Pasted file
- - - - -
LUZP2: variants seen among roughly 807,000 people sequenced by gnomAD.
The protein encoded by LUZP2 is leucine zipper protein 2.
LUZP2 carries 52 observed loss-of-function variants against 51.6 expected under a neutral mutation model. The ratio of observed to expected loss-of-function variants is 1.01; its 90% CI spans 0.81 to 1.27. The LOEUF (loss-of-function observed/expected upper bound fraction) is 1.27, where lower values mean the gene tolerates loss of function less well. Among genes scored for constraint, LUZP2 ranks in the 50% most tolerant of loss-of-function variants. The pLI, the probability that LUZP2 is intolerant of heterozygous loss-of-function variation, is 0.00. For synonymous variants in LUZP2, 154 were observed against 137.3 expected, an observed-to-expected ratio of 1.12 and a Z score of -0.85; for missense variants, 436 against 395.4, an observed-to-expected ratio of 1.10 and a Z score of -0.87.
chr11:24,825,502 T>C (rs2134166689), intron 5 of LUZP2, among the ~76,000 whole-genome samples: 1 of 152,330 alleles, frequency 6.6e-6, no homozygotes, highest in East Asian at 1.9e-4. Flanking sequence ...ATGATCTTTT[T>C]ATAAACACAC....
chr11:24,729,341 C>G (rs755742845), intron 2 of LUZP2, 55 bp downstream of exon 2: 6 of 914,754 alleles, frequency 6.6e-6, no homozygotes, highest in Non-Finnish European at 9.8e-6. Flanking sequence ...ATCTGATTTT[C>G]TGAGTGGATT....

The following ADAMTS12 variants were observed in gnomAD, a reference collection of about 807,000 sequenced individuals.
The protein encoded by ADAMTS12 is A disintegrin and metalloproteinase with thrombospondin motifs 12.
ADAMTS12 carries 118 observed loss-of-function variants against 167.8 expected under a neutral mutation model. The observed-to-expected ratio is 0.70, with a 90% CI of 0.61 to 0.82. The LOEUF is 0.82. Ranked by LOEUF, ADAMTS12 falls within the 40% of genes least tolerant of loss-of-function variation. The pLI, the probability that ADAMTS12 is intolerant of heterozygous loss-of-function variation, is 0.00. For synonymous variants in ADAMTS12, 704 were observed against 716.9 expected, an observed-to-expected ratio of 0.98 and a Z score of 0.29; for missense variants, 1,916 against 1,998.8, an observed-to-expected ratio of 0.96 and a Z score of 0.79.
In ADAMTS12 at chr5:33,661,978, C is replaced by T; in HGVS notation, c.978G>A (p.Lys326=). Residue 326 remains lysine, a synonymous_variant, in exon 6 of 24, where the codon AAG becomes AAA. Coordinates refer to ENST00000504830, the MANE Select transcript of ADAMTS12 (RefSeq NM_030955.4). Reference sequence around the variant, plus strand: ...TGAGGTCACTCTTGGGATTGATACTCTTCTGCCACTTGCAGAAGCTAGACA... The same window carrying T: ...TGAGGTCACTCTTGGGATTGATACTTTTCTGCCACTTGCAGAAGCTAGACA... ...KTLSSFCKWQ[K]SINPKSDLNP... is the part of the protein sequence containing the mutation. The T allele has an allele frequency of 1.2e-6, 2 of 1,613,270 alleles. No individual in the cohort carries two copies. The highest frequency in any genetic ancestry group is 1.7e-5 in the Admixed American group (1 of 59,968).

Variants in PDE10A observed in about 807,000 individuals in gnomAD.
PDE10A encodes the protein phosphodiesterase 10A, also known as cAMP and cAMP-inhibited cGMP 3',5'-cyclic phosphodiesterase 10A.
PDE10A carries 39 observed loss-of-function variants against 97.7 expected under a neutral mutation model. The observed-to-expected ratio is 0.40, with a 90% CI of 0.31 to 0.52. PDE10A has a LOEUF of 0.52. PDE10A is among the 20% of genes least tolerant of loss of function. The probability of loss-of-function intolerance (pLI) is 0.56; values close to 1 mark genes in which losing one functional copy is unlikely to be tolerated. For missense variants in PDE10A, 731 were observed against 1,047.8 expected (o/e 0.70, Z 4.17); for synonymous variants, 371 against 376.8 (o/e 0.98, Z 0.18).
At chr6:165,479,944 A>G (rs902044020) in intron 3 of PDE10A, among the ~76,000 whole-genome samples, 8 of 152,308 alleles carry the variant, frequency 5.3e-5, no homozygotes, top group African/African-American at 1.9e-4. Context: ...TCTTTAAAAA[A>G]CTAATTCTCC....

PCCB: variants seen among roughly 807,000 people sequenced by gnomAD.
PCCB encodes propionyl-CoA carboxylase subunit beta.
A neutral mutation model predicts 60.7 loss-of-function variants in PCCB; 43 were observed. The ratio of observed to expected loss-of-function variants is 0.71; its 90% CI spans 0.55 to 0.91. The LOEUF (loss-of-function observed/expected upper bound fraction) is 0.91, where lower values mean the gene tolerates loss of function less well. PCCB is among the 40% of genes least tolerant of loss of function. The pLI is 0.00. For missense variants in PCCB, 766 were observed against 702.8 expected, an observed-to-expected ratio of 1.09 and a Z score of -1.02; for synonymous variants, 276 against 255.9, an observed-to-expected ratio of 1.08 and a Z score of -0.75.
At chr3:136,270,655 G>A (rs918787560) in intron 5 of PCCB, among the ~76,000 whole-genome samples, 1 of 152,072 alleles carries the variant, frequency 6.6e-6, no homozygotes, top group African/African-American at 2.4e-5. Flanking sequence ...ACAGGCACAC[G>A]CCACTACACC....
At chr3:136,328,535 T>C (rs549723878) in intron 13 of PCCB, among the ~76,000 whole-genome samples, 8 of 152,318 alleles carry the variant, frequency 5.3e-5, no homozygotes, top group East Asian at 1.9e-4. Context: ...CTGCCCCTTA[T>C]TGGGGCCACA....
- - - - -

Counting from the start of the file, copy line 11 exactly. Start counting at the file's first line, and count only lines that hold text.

PDE10A encodes the protein phosphodiesterase 10A, also known as cAMP and cAMP-inhibited cGMP 3',5'-cyclic phosphodiesterase 10A.